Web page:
Early Christian monasticism

The Judaean Desert is connected with early forms of Christian monasticism. There are examples of Desert Fathers and Desert Mothers and a number of other influential Christian figures, some of which spent much of their lives in the desert as hermits or as members of monastic communities of the lavra or the cenobium type, or on the fringe of the desert in or near settled places such as Bethlehem and Jerusalem, but are still considered to belong to the same monastic environment. A short chronological list can include Chariton the Confessor (mid-3rd century – c. 350), Hilarion the Great (291–371), Euthymius the Great (377–473) and his associate Theoctistus of Palestine (died 451 or 467), Jerome (c. 342/47–420) with his associates Paula of Rome (347–404) and her daughter Eustochium (c. 368–419/20) as well as Tyrannius Rufinus (344/45–411), Melania the Elder (ca. 350–417?) and her granddaughter Melania the Younger (c. 383–439), Mary of Egypt (c. 344–421), Gerasimus of the Jordan (5th century), Theodosius the Cenobiarch (c. 423–529) and his contemporary Sabbas the Sanctified (439–532), at whose monastery John of Damascus (c. 675/76–749?) spent much of his life. Cyriacus the Anchorite (448-557) knew Euthymius and Gerasimus and led for many years the Souka of Hilarion. Cyril of Scythopolis (c. 525–559) wrote about the desert monasticism of his time, as did John Moschus (c. 550–619).


The Judaean Desert has been the site of many archeological discoveries. The Dead Sea Scrolls, a collection of ancient Jewish religious manuscripts dating from the 3rd century BCE to the 1st century CE, were discovered in the 1940s at the Qumran Caves.[10] They are considered to be a keystone in the history of archaeology with great historical, religious, and linguistic significance because they include the oldest surviving manuscripts of entire books later included in the biblical canons, along with deuterocanonical and extra-biblical manuscripts which preserve evidence of the diversity of religious thought in late Second Temple Judaism. At the same time they cast new light on the emergence of Christianity and of Rabbinic Judaism.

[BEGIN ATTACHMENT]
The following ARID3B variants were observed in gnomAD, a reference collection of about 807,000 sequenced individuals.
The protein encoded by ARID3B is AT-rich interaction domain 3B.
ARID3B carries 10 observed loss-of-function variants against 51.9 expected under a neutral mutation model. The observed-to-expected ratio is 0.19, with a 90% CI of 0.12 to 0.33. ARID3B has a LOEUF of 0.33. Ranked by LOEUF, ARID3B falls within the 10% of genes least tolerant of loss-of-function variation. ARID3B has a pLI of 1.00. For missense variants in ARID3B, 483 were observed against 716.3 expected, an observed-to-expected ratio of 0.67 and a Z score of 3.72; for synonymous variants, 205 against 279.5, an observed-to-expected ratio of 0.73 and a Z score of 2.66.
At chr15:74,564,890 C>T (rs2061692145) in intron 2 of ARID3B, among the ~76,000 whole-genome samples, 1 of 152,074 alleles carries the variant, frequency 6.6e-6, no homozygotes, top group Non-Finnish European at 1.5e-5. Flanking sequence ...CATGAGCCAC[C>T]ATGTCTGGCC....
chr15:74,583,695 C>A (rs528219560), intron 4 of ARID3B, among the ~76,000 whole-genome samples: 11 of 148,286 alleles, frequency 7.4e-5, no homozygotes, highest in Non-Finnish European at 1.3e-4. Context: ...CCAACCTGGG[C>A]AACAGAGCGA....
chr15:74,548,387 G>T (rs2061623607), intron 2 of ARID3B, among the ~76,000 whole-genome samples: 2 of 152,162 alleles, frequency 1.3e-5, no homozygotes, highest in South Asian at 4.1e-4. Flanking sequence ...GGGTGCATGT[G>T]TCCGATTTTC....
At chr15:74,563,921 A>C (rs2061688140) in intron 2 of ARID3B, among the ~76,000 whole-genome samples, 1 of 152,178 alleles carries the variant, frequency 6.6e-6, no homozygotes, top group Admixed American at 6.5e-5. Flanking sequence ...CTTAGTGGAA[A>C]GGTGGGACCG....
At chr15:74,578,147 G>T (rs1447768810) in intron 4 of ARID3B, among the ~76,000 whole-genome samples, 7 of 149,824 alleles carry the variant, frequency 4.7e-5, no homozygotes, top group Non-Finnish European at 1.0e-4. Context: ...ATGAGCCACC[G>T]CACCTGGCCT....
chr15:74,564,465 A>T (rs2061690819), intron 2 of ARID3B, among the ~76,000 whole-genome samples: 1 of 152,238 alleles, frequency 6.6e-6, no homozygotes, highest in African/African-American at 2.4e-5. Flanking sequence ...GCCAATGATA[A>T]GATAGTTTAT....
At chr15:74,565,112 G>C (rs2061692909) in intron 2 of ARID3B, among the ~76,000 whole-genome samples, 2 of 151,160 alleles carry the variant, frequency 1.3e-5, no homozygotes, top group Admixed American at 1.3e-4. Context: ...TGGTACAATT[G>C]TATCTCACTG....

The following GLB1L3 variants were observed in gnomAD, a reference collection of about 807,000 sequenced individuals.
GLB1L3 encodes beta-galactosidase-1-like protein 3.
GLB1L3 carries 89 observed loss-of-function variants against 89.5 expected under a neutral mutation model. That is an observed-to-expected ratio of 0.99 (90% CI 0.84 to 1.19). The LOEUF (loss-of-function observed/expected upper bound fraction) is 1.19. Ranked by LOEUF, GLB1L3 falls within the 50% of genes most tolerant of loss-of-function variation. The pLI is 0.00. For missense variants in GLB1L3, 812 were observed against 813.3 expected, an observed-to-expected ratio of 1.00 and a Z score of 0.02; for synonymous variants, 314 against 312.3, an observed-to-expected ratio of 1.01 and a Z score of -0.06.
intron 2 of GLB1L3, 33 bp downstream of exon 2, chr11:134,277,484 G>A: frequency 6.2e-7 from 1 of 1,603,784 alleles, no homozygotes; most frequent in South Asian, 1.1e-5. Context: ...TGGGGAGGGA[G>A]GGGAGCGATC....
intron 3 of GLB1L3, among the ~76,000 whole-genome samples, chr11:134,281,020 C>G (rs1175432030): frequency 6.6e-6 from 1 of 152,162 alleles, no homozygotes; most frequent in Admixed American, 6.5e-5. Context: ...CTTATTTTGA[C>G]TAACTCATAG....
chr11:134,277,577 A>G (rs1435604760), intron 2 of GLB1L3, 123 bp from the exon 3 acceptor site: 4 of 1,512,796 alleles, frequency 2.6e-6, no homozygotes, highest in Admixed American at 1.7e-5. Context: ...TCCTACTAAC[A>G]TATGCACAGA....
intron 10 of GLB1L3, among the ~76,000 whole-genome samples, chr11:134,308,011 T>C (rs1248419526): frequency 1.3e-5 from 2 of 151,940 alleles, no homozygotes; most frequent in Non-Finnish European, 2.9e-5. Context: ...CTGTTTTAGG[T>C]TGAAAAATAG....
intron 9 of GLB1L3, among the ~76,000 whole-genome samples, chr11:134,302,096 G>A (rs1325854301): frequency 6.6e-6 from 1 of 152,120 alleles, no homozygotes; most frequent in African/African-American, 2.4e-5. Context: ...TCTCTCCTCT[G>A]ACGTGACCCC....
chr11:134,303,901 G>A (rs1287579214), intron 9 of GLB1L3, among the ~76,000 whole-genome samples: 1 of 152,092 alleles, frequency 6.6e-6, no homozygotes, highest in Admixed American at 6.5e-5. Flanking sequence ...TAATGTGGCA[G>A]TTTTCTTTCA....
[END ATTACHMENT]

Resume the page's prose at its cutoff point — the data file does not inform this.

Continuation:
Numerous Roman-era letters and papyri fragments were discovered in the Cave of Letters in Nahal Hever. These include correspondence between Simon bar Kokhba and his subordinates during the Bar Kokhba revolt. Another notable finding is the Babatha cache of papyri, which contains the legal documents of Babatha, a Jewish woman landowner who lived during the 2nd century CE.


See also


  1. ^ Judges 1:16
  2. ^ Psalms 63
  3. ^ "Judean Wilderness". BiblePlaces.com. Archived from the original on 2015-09-23. Retrieved 2010-11-28.
  4. ^ Elisha Efrat (1988). Geography and Politics in Israel Since 1967. Routledge (Taylor & Fancis).
  5. ^ Picturesque Israel I: Jerusalem, Judah, Ephraim[permanent dead link]
  6. ^ "There's Water Under the Desert -- But It's Hardly Being Used".
  7. ^ Joseph Lightfoot, Works, vol. 1. p. 58, referenced by Gill, J. in Gill's Exposition of the Bible on 1 Samuel 23, accessed 24 May 2017
  8. ^ Biblical Archeology Society Staff (8 May 2022). "Who Were the Essenes?". Biblical Archaeology Society. Biblical Archeology Society. Retrieved 9 May 2022.
  9. ^ Meshel, Zeʾev (2000). "The Nabataean 'Rock' and the Judaean Desert Fortresses". Israel Exploration Journal. 50 (1/2): 109–115. ISSN 0021-2059.
  10. ^ "The Digital Dead Sea Scrolls: Nature and Significance". Israel Museum Jerusalem. Archived from the original on 1 October 2014. Retrieved 13 October 2014.

Hiking in the Judaean Desert travel guide from Wikivoyage

Coordinates: 31°42′N 35°18′E / 31.700°N 35.300°E / 31.700; 35.300